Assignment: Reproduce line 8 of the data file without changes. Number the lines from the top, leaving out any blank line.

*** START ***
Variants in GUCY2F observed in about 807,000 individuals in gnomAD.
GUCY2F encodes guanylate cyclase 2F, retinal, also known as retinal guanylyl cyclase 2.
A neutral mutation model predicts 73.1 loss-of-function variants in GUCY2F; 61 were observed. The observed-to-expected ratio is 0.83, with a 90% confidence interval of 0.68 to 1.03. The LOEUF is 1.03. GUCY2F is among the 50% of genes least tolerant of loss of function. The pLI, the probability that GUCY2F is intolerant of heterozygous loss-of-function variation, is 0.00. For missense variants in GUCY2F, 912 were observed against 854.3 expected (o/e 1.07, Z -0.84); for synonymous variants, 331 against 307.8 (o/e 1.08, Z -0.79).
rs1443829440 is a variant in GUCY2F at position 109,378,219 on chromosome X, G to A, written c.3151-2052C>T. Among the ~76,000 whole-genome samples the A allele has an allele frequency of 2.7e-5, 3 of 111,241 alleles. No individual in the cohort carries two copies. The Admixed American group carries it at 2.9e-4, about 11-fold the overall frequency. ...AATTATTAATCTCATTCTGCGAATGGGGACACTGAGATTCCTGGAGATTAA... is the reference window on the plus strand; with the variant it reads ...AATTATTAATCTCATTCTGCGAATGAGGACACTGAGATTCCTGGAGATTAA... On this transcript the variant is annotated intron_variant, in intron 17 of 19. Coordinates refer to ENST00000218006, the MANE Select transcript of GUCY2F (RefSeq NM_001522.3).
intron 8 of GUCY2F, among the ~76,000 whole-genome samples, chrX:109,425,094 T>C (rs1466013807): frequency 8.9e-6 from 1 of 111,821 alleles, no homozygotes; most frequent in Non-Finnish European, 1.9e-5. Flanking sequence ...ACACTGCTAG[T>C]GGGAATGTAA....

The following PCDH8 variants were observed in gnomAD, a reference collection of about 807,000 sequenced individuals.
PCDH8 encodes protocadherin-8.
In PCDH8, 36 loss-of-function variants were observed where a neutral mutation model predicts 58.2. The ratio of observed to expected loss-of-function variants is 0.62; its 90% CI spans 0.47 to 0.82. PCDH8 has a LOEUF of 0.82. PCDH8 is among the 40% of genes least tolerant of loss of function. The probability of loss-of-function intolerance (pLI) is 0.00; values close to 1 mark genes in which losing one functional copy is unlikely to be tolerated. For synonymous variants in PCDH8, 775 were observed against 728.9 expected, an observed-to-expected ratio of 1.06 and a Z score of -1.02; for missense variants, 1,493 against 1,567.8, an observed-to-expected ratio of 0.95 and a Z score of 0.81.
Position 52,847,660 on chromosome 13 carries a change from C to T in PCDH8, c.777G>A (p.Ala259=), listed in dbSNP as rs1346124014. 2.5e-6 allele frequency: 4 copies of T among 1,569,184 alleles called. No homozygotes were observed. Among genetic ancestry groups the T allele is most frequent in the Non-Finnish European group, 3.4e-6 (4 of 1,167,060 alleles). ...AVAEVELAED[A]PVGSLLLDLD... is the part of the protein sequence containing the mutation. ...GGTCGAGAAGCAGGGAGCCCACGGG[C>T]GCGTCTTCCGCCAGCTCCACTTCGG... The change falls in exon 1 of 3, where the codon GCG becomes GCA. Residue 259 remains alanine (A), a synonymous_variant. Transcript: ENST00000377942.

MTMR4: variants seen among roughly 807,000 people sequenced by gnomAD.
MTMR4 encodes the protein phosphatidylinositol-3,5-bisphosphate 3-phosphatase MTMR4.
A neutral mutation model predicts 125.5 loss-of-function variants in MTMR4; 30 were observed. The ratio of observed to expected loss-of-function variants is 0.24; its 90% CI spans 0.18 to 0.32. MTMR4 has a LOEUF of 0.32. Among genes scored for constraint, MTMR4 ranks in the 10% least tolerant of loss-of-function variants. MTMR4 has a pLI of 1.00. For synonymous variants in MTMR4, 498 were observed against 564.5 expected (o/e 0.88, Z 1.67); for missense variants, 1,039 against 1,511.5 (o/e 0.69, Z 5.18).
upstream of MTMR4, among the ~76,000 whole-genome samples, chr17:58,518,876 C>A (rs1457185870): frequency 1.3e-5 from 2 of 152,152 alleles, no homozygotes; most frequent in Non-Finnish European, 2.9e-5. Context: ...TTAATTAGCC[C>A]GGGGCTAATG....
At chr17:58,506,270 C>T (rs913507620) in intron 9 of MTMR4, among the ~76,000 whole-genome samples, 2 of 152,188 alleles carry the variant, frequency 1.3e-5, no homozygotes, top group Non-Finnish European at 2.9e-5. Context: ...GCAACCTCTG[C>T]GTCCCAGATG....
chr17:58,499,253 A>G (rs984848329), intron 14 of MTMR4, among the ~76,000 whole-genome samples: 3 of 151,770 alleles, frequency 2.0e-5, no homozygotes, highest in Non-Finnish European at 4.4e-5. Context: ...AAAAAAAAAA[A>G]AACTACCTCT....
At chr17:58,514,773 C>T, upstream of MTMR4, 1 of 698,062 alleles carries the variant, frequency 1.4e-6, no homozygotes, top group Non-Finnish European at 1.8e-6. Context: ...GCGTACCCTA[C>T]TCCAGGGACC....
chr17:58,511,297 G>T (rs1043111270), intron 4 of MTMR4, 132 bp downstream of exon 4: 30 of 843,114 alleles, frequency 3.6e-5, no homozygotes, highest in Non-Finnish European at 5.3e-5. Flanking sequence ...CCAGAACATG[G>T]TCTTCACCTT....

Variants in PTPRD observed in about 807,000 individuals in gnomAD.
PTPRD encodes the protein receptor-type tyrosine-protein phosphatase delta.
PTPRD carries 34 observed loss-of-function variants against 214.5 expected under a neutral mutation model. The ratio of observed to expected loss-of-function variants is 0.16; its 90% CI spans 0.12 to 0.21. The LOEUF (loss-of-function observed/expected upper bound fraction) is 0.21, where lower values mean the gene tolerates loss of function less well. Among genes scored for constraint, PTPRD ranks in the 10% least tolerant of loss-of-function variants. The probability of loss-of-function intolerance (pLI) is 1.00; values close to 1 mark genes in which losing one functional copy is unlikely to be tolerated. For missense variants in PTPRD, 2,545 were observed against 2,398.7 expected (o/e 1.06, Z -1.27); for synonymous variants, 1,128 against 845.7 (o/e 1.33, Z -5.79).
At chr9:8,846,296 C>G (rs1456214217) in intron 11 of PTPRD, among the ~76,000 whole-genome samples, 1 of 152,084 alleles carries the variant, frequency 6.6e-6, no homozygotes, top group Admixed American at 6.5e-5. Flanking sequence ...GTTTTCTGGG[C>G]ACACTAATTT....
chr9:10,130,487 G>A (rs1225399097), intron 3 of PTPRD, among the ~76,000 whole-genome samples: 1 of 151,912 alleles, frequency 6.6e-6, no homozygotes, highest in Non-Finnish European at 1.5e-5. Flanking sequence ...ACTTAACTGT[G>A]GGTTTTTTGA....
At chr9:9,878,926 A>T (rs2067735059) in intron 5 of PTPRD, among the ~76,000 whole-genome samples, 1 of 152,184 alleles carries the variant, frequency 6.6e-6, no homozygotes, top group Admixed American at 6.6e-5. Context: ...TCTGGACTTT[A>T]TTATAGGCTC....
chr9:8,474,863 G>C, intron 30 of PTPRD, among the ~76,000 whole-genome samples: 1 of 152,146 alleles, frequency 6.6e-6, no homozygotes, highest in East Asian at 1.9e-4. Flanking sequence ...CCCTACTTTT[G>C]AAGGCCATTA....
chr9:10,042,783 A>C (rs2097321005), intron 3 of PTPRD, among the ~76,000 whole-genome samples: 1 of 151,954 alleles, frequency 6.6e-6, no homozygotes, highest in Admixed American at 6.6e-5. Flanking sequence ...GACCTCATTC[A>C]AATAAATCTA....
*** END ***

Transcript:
In PCDH8, 36 loss-of-function variants were observed where a neutral mutation model predicts 58.2. The ratio of observed to expected loss-of-function variants is 0.62; its 90% CI spans 0.47 to 0.82. PCDH8 has a LOEUF of 0.82. PCDH8 is among the 40% of genes least tolerant of loss of function. The probability of loss-of-function intolerance (pLI) is 0.00; values close to 1 mark genes in which losing one functional copy is unlikely to be tolerated. For synonymous variants in PCDH8, 775 were observed against 728.9 expected, an observed-to-expected ratio of 1.06 and a Z score of -1.02; for missense variants, 1,493 against 1,567.8, an observed-to-expected ratio of 0.95 and a Z score of 0.81.